In May 2014, the European Court of Justice decided Google Spain v. AEPD and González and granted citizens the right to be forgotten, rather, the right to request any search engine offering services to European consumers to remove certain results displayed after a search of a citizen’s name. This decision has also resulted in an ongoing battle between Google and the Commission Nationale de l’Infomatique et des Libertés (CNIL), France’s data protection authority. The CNIL believes that Google must apply the right to be forgotten to all domains worldwide, including Google.com. Google, however, has been reluctant to do so, given the lack of a worldwide right to be forgotten, as well as the strong free speech protections that exist in the United States. This Note examines the Internet’s powerful impact on contemporary culture in order to demonstrate the need for a compromise between the CNIL’s demands while maintaining the United States’ most foundational tenants. After doing such, this Note proposes a workable two-part solution that places crucial limits on the right to be forgotten so that it may properly exist in both the EU and the United States. First, European and U.S. citizens of all ages must be adequately educated on Internet responsibility. Second, the EU and the United States must implement a bilateral treaty that will cease the battle between Google and the CNIL. Ultimately, this solution harmonizes the European right to be forgotten with U.S. rights to freedom of speech and privacy by providing a fair and balanced test, where priority is given when a public or individual interest is compelling.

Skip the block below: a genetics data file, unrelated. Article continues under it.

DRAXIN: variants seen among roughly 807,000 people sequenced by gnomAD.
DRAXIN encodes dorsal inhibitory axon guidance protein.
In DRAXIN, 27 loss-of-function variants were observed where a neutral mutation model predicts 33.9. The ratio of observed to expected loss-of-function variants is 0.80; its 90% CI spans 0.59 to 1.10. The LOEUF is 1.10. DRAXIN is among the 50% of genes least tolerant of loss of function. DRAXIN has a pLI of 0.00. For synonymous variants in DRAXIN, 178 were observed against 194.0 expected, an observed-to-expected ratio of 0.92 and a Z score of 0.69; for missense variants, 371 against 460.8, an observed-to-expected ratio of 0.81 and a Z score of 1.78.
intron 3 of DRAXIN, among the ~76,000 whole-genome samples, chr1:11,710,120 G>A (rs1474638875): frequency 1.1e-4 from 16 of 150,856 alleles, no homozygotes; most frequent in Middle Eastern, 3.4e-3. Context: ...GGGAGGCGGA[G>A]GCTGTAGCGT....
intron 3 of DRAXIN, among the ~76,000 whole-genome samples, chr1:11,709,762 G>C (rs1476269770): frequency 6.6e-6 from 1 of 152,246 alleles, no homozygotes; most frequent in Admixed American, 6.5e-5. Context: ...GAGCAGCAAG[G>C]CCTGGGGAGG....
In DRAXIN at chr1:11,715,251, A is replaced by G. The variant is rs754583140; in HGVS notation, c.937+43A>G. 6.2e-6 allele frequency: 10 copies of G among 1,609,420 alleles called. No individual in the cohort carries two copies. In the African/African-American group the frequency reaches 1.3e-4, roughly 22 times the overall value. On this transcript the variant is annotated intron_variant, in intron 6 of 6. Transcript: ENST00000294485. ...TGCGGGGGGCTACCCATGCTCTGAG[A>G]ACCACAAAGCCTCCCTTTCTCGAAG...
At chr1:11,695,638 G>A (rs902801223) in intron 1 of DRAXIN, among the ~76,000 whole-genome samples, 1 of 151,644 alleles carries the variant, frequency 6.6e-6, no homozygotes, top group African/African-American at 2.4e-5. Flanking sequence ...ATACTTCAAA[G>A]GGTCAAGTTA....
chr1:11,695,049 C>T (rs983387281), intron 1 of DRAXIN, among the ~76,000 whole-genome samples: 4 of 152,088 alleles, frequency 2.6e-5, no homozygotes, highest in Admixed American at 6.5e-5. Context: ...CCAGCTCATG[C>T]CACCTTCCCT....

Looking Backward, Moving Forward: What Must be Remembered When Resolving the Right to be Forgotten,
42 Brook. J. Int'l L.
Available at: https://brooklynworks.brooklaw.edu/bjil/vol42/iss2/6